We have met another parent whose child was also subject to a serious medical error while at the medical residence, some time ago. We have heard that when a serious medical error occurs, a committee is convened to investigate. Has that happened in the case of David’s missed Keppra doses?
It is hard to believe that an institution with a stellar reputation like that of yours would have so many problems in its children’s “specialty hospital.” In our opinion this hospital does not at this moment consistently provide a safe medical environment for its patients, because of errors such as these, large and small. It seems to us crucial that some serious changes occur at your facility to raise everyone’s confidence, not just ours.
Yes, they investigated. Yes, we met with the top people, they showed up state mandated documents on error counts, internal documents, etc. Was anything done? Not much. That’s what happens when certain people get certain jobs not based on qualifications for said job. Lots of beds in that residence, you know?
As a nurse, I’m not particularly surprised by this, but I am surprised that they’re not doing anything about it.
You know, think I’ve read this three times now and I JUST finally got that last line!
I don’t think I ‘get’ that last line – just guessing.
This is important backdrop for answering the questions from a previous post.
His room looks nice and homey.
You and your ex probably saved a few lives with your oversight of David’s care.
Sometimes I think my choice of post title quote is a bit too esoteric. This one has several meanings (and it is connected to the last sentences).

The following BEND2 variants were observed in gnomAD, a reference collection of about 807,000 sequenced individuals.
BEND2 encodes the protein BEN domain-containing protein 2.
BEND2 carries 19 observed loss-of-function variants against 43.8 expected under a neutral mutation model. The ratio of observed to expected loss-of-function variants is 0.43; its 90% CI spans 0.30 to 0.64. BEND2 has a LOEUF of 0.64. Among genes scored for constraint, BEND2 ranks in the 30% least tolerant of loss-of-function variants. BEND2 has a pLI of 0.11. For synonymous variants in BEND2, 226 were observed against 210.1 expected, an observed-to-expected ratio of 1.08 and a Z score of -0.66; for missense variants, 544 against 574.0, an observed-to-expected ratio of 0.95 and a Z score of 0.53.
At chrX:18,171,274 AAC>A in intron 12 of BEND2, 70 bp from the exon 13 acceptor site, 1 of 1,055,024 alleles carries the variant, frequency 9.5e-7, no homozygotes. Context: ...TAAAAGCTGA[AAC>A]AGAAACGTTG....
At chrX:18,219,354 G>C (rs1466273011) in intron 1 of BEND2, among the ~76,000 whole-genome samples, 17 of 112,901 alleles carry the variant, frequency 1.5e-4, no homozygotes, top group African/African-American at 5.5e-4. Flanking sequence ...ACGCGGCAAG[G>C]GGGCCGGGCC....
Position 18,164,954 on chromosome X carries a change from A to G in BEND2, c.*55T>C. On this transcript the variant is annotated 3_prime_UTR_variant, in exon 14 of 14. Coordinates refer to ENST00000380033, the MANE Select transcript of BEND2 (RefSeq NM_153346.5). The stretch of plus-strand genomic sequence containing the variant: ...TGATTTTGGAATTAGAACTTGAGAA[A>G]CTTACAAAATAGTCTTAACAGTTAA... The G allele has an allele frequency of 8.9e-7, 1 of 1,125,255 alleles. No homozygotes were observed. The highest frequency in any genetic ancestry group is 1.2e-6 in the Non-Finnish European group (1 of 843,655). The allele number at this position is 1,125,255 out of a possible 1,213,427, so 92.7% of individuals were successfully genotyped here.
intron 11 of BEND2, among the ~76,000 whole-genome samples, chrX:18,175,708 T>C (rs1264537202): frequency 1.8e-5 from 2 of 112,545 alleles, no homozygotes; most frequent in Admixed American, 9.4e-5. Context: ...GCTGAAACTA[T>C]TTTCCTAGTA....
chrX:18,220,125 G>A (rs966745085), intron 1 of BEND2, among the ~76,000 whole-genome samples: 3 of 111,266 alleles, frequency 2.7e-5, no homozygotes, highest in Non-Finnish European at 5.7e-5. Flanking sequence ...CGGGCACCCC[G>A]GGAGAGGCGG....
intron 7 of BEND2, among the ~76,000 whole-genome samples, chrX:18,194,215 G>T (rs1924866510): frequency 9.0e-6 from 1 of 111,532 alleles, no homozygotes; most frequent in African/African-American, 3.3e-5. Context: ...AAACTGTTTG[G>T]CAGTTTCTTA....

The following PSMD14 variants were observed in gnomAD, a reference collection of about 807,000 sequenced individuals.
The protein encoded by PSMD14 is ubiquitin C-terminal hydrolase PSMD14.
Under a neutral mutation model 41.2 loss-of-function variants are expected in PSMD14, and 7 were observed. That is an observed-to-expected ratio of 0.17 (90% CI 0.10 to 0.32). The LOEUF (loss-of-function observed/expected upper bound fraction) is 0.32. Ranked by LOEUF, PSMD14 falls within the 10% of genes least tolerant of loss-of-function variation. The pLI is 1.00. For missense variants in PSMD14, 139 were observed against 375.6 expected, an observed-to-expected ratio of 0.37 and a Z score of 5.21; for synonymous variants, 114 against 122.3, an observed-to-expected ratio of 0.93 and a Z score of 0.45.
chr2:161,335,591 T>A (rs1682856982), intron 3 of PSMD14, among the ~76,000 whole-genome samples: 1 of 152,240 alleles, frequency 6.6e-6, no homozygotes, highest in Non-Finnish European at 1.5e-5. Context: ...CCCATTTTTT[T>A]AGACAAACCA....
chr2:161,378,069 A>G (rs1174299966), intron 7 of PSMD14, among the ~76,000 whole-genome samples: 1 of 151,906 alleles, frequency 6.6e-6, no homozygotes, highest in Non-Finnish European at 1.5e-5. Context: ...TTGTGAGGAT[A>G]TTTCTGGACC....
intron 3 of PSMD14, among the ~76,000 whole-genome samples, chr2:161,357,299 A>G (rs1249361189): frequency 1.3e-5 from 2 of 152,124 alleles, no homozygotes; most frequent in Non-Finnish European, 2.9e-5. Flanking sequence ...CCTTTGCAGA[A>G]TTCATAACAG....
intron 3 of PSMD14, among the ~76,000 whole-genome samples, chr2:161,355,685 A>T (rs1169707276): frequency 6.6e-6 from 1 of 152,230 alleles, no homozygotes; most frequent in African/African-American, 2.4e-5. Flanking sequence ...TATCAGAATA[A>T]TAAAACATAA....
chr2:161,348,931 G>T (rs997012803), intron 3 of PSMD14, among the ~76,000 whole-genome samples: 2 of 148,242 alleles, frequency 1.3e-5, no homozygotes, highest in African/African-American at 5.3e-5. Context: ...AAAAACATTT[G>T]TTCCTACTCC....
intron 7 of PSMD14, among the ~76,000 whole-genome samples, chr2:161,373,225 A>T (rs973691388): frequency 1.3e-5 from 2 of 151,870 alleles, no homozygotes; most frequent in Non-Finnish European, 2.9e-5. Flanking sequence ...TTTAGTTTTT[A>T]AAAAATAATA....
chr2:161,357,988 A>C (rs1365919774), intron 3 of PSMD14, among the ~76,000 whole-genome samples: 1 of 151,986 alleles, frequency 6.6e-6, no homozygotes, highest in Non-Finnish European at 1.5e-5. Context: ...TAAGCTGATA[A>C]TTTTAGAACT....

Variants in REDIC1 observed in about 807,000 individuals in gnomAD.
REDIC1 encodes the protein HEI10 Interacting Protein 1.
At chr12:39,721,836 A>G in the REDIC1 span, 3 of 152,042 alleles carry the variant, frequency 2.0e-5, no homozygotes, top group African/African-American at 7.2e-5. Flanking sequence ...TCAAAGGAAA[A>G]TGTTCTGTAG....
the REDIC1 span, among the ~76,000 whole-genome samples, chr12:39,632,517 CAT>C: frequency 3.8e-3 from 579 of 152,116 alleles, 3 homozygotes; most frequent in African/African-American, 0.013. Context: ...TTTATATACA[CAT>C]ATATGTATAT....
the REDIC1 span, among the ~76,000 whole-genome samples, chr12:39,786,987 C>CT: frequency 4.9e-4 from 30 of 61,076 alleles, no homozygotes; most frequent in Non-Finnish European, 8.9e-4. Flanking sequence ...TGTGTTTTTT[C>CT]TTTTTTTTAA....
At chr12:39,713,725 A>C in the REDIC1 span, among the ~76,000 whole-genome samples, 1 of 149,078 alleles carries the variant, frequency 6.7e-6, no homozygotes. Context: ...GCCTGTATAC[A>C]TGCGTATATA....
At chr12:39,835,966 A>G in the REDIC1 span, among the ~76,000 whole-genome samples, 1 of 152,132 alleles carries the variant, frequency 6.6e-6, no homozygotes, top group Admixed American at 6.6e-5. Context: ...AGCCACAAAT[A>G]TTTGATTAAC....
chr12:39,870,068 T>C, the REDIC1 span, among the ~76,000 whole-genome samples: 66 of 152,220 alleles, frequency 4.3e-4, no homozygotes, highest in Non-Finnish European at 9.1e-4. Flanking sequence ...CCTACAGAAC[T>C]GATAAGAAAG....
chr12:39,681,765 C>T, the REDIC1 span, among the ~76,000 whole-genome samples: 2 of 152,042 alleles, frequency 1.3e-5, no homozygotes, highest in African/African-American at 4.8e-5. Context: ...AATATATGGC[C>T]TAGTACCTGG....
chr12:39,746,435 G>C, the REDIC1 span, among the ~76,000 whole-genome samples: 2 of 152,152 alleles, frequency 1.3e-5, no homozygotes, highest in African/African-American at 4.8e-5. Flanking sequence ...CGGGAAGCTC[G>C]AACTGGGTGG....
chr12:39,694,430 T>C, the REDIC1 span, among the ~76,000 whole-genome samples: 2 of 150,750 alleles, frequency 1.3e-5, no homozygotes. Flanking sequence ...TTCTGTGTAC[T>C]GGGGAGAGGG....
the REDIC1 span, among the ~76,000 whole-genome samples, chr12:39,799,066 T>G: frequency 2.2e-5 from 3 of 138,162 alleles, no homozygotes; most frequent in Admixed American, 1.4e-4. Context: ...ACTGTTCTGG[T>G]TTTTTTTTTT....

Prince Hamlet says that to Ophelia after saying “I loved you once” then “I never loved you,” etc. He is playing with her head. Then he finally says “Get thee to a nunn’ry, why woulds’t thou be a breeder of sinners?” Or, in our words, “Go join a convent, don’t procreate to make more males in this world who are pigs (like me).”
Since “nunnery” had two meanings, the translation can be different. Yes, a nunnery meant convent, but it also was bawdy slang for a house of ill-repute (ok, whorehouse). “I loved you, no I didn’t, oh heck, go join a cat house.” Ouch.
I am using it in two ways, as well. One is “Go live somewhere else” as is the gist of the post. The other ties to the last two sentences of the post.
You see, there was someone in charge of all nursing … and multiple high level admins told me she got her job through, well, methods other than her nursing and / or administrative and / or managerial skills. She ended up running (incompetently, in my humble opinion) a facility with lots of beds, ironic, no? (Do I need to spell it out? Some have opined she “slept” her way into the job).
So, “Get thee to a nunn’ry” … “David, go live in a safe place” … or “David, go live in a place where she who runs it runs it on her back.”
Hence, my last sentence that there are many beds in David’s residence.
Ok, I admit it, a bit too esoteric.
And, as a postscript, she has actually been promoted since! Talk about sleeping past the Peter Principle (“in a hierarchy every employee tends to rise to their level of incompetence”).
(And don’t forget, I am an engineer, I ain’t no English major.)
Keep it simple for the rest of us, SD, will ya?
Esoteric indeed. Your train-of-thought between title and end-sentence is about as normal as a pet chupacabra.
Oh, but I’m wincing. No, actively scared. There is so much vulnerability here, and so much need for trust.